*Impacts immune markers (Hazel 2011; Jacobs et. al. 2011; Morgan et. al. 2014)
* Impacts executive functions (Teper et. al. 2013)

“Oppression(s) do not operate on merely an intellectual level. It is painful and embodied. Conversations about oppressions are hard, if they are real. We must unlearn internalized oppression(s) at the very cells of our being. While we condemn oppression(s), we do violence to ourselves and others if we don’t bring compassion to our experience. Mindfulness teaches us compassion for self and others.” (Beth Berila 2016)

FMI: www. kathyyep..com

Free Mindfulness Workshops, Summer 2018

WHAT: Free drop-in practice of mindfulness and qi gong

WHEN: 12:30 – 1 p.m., 1st and 3rd Tuesdays

WHO: Free and open to the public, no experience necessary.

WHERE:
Living Room, McConnell, Pitzer College (Bdlg 9 on map)

Free parking: Visitor Spots in Holden and East Mesa Parking (15 and 16 on map)

Campus Map:
https://mypz.pitzer.edu/netcommunity/view.image?Id=1148

 

WHAT TO BRING:
1. Intercultural understanding frame
2. Water
3. Compassion
4. Comfortable shoes

Scholarship suggests that mindfulness:
*Impacts immune markers (Hazel 2011; Jacobs et. al. 2011; Morgan et. al. 2014)
* Impacts executive functions (Teper et. al. 2013)

* Decreases stress (Krasner et al., 2009) or pain (Zeidan et. al. 2011)

* Impacts the brain (Davidson et. al. 2003; Luders et.al. 2009)

* Impacts compassion (Jazaleri, et. al. 2012; Neff and Germer 2013)

* Impacts implicit bias (Burgess et. al. 2017; Kang, Gray, & Dovidio, 2014; Leuke & Gibson 2015; Tincher et. al. 2016)

WHAT IS MINDFULNESS?

“Mindfulness is when you are truly there, mind and body together. You breathe in and out mindfully, you bring your mind back to your body, and you are there. When your mind is there with your body, you are established in the present moment. Then you can recognize the many conditions of happiness that are in you and around you, and happiness just comes naturally. ” (Thich Nhat Hanh)

“Conscious of systemic suffering and injustices, we work to create a more just, peaceful, and sustainable world. We promise, for the benefit of all, to practice self-care, mindfulness, healing, and joy. We vow to not burn out.” (Mushim Patricia Ikeda 2016)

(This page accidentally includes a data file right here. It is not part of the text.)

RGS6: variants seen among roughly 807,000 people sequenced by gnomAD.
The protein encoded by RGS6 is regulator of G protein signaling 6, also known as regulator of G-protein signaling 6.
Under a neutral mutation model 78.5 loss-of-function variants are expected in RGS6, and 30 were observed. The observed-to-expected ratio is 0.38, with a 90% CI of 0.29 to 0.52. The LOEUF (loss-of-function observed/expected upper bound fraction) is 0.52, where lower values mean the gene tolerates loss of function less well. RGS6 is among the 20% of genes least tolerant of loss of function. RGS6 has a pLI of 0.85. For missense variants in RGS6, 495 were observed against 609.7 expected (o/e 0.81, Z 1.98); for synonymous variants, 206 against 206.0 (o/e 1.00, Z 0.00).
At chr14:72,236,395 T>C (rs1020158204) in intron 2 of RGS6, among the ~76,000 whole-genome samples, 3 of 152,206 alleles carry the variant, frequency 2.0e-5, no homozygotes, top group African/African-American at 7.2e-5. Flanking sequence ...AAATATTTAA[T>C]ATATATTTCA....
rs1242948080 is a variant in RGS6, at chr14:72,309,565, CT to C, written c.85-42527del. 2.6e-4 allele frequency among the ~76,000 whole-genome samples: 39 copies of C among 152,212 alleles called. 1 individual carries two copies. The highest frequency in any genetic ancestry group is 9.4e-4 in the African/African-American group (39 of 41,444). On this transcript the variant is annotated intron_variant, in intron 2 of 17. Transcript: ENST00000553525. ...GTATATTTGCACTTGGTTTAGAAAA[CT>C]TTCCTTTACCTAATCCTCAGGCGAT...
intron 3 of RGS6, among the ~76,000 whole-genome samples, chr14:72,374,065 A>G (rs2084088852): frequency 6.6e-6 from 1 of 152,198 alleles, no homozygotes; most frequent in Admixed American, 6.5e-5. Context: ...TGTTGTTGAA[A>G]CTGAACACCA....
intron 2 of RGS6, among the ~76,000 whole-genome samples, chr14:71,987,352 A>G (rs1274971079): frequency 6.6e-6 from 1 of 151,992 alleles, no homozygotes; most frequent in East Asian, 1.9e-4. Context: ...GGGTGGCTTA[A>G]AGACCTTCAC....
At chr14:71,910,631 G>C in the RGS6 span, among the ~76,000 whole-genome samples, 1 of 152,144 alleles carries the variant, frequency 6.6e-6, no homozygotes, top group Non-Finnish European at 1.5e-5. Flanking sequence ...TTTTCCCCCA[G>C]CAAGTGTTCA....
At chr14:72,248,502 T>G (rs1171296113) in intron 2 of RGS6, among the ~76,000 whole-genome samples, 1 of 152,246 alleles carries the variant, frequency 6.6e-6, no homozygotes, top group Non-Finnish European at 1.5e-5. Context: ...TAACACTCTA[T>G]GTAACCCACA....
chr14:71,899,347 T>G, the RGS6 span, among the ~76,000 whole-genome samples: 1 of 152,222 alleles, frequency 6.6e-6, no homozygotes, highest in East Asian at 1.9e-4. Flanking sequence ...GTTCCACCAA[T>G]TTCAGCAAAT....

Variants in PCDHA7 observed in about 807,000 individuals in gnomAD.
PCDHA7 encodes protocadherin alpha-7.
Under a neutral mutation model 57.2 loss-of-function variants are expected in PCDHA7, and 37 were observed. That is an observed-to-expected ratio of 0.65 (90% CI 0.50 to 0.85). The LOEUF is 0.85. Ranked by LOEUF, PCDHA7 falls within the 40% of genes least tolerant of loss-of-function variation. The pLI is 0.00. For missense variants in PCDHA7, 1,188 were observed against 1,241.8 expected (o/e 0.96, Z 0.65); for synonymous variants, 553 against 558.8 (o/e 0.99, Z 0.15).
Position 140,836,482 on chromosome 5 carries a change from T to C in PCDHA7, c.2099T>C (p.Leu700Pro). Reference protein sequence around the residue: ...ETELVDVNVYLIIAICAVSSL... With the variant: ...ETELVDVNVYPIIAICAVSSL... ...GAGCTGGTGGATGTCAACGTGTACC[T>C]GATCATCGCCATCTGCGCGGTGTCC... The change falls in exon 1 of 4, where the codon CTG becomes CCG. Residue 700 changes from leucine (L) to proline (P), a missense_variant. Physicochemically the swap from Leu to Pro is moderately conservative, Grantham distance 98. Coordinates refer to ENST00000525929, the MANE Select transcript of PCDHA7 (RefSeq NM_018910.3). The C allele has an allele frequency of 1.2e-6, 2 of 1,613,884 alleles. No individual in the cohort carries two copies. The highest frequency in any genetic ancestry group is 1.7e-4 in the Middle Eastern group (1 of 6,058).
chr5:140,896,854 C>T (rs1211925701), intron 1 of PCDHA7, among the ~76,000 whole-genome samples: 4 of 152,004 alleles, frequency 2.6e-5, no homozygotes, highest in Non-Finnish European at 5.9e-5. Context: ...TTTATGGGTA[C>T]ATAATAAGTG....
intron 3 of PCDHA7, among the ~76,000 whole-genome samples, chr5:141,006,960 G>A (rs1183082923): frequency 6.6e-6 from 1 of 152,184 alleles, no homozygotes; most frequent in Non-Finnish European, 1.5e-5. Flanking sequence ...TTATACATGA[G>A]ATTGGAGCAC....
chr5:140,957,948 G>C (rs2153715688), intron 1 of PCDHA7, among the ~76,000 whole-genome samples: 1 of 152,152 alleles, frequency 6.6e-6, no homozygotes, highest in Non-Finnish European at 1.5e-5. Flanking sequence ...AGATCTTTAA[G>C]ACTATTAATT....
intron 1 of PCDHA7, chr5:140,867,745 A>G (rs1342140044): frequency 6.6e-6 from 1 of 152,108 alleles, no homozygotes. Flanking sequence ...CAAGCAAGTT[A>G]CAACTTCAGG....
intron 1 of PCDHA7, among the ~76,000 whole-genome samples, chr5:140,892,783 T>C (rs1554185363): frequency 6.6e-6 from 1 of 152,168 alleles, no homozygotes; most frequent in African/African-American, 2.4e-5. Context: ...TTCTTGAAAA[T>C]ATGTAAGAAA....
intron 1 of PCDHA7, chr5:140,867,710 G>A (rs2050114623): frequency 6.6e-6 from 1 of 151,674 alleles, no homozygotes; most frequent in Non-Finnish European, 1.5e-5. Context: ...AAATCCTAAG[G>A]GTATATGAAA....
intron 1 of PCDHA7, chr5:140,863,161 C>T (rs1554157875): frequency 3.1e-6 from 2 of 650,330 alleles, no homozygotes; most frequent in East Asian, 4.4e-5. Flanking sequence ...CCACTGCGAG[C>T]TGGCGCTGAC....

“Oppression(s) do not operate on merely an intellectual level. It is painful and embodied. Conversations about oppressions are hard, if they are real. We must unlearn internalized oppression(s) at the very cells of our being. While we condemn oppression(s), we do violence to ourselves and others if we don’t bring compassion to our experience. Mindfulness teaches us compassion for self and others.” (Beth Berila 2016)

“I think our notions of what counts as radical have changed over time. And I think that now we’re thinking deeply about the connection between interior life and what happens in the social world. We have to imagine the kind of society we want to inhabit. We can’t simply assume that somehow, magically, we’re going to create a new society in which there will be new human beings. No, we have to begin that process of creating the society we want to inhabit right now.” (Angela Davis in conversation with Fania Davis, 2016)

“Reconciliation is increasingly understood as an umbrella-term for an overall process which includes the search for truth, justice and forgiveness with the past is necessary for successful transitions from conflict, resentment and tension to peace and connectedness. …Whereas the role of courts is to judge the guilt or innocence of the alleged perpetrator, the focus of truth commissions is placed on the victims and their individual experiences.” (ICRC)

“If we want to grow as teachers — we must do something alien to academic culture: we must talk to each other about our inner lives — risky stuff in a profession that fears the personal and seeks safety in the technical, the distant, the abstract.”

Parker J. Palmer, The Courage to Teach: Exploring the Inner Landscape of a Teacher′s Life